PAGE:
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Indigo Or Mapping The Waters [Paperback]

Marina Warner
3.0 out of 5 stars  See all reviews (4 customer reviews)
Price: 9.99 & FREE Delivery in the UK on orders over 10. Details
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Book Description

18 Feb 1993
Inspired by The Tempest, Indigo traces the scars of colonialism across continents, family blood-lines and three centuries. Rich, sensual and magical in its use of myths and fairytales Indigo explores the intertwined histories of the Everard family and the imaginary Caribbean island where Ariel, Caliban, and his mother, the healer and dyer of indigo, Sycorax once lived.

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Product details

  • Paperback: 416 pages
  • Publisher: Vintage; New Ed edition (18 Feb 1993)
  • Language: English
  • ISBN-10: 009915451X
  • ISBN-13: 978-0099154518
  • Product Dimensions: 13 x 19.4 cm
  • Average Customer Review: 3.0 out of 5 stars  See all reviews (4 customer reviews)
  • Amazon Bestsellers Rank: 442,716 in Books (See Top 100 in Books)

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"A complex, glittering book" (The Times)

"An extraordinary imaginative achievement" (Times Literary Supplement)

"Indigo explores the nature of power, the human cost of Empire and the theme of dislocation... Vivid, gripping, intelligent" (Independent on Sunday)

"Her prose has never been so lyrical, as she yokes Shakespearean references, colonial history and her own sensual experience of the Caribbean with a powerful feminine myth-making" (Independent)

Book Description

A strikingly original interpretation of the historical and imaginative landscape of Shakespeare's The Tempest.

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Customer Reviews

3.0 out of 5 stars
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Most Helpful Customer Reviews
4 of 4 people found the following review helpful
4.0 out of 5 stars Excellent in parts 12 Dec 2011
By Kate Hopkins TOP 1000 REVIEWER
Format:Paperback|Verified Purchase
A very interesting if somewhat frustrating novel about colonialization, using Shakespeare's 'The Tempest', various fairy stories and real-life political incidents as inspiration. Warner's fourth novel is set in a series of imaginary Caribbean islands, partly in the past (in the 16th century, I think) and partly in the 20th century. The Everard family, descended from Elizabethan explorer Kit Everard, once owned two islands in the Caribbean (invented by Warner, but loosely based on a couple of the smaller islands in the West Indies). Over the years the Everards maintain close links with the islands, and eventually Xanthe,one of the last surviving Everards, goes back there to live. The story of the modern-day Everards: Sir Anthony the patriarch, his young wife Gillian, Kit, his melancholy son from his first marriage, Kit's depressive and anorexic wife Astrid, their eager-to-please daughter Miranda and Xanthe, Sir Anthony's 'golden-girl' daughter' forms the outer sections of the book - a lengthy section in the middle is devoted to Kit Everard's arriving on one of the paradisical Caribbean islands and his subduing of its inhabitants. This is where the 'Tempest' references come in: Sycorax, Caliban (called Dule by his own people) and Ariel are all inhabitants of the island, and bear some relation, though not much, to their Shakespearean namesakes. And in the present-day sections the use of the name 'Miranda' maintains the 'Tempest' links.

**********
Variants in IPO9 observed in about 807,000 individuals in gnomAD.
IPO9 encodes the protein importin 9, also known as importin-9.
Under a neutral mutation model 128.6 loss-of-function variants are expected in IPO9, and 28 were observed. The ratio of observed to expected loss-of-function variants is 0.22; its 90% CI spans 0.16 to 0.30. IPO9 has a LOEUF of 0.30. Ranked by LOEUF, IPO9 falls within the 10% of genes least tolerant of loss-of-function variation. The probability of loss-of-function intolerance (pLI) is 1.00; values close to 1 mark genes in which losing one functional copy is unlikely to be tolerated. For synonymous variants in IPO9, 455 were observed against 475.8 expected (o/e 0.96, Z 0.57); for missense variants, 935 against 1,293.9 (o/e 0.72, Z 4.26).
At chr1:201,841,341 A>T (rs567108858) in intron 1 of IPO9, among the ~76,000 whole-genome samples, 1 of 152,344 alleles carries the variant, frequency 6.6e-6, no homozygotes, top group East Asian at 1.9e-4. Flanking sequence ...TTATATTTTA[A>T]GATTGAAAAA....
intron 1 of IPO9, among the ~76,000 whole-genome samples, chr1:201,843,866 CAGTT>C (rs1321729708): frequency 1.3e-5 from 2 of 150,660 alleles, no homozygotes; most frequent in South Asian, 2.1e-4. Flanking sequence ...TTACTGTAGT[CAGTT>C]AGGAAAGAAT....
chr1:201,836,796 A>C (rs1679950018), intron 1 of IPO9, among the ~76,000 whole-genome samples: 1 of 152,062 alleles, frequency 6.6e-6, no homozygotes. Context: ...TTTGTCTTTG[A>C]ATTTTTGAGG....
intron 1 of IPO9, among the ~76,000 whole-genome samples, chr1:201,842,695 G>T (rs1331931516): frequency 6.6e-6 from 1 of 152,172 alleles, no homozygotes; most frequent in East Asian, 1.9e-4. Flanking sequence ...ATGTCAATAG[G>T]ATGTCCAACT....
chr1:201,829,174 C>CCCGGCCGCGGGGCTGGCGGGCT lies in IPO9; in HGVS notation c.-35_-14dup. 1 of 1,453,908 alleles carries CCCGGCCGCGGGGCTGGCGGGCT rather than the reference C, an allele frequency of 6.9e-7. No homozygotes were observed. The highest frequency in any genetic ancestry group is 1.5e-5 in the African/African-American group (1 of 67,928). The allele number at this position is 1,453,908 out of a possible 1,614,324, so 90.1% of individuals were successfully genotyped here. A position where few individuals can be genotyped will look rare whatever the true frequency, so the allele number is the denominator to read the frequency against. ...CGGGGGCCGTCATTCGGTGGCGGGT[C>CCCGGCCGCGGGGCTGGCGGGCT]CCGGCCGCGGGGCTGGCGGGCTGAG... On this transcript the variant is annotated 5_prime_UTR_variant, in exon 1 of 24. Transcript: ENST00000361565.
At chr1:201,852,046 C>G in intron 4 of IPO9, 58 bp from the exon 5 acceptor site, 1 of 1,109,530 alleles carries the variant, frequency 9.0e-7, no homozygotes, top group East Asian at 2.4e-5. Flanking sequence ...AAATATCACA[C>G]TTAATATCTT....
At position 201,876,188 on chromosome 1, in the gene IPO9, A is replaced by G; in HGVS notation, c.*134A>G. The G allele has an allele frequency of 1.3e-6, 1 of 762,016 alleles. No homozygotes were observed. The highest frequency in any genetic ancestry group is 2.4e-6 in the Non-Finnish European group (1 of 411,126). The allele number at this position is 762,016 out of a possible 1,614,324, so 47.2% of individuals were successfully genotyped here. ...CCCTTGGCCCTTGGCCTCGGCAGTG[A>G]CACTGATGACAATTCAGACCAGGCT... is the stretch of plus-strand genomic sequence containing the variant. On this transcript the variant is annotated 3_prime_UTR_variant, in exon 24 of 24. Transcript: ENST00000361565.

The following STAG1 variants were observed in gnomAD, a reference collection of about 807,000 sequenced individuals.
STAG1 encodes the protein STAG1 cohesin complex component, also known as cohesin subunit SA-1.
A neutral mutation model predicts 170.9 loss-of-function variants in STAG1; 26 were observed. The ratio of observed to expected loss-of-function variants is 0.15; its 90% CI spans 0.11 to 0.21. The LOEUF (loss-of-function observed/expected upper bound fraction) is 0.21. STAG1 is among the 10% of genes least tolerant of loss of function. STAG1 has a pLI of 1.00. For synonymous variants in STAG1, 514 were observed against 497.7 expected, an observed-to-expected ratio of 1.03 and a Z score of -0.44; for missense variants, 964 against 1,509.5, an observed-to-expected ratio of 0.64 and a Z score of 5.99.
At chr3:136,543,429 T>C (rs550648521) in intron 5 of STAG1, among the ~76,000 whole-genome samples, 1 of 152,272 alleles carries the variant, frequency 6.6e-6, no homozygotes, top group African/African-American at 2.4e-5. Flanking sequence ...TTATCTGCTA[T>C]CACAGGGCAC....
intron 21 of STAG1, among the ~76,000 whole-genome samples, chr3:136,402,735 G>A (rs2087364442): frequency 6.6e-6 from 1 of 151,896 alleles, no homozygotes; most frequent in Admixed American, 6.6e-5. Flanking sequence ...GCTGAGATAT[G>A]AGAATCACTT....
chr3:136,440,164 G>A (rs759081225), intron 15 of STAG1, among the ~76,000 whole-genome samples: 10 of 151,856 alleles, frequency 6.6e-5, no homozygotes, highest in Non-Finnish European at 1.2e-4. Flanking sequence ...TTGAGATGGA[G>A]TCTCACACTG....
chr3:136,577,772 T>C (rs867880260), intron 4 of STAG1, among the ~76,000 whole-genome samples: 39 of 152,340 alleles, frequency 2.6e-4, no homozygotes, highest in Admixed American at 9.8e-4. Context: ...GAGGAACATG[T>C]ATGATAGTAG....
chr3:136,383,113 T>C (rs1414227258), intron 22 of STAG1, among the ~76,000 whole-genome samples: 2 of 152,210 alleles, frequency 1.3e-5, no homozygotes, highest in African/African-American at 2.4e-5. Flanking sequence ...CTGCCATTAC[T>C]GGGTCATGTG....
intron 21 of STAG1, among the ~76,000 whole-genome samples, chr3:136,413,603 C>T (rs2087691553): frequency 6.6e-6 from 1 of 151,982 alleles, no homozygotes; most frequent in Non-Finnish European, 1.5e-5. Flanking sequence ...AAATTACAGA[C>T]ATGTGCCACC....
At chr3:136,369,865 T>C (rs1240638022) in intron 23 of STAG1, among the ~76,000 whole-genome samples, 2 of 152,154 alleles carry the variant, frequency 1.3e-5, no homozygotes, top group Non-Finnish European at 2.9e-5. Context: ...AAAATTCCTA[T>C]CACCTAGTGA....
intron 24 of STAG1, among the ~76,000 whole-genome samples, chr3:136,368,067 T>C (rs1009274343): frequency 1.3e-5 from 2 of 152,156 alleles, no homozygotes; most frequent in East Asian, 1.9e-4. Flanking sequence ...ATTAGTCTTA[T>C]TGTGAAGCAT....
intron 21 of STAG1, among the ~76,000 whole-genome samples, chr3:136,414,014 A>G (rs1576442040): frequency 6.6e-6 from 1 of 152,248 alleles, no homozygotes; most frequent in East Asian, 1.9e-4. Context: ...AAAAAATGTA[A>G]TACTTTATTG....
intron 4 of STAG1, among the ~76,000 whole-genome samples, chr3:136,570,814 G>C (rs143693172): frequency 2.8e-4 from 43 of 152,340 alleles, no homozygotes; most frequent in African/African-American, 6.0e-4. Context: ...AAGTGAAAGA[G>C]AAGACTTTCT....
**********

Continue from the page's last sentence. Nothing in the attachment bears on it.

This is a book with some wonderful bits to it. I particularly enjoyed some of the modern sections: the depiction of London from the end of World War II through to the 1960s and on to the 1980s, Miranda's relationships with Xanthe and with the Everards' Afro-Caribbean maidservant Serafine and Kit's memories of his childhood on the islands.
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4 of 4 people found the following review helpful
3.0 out of 5 stars disappointing 22 Mar 2011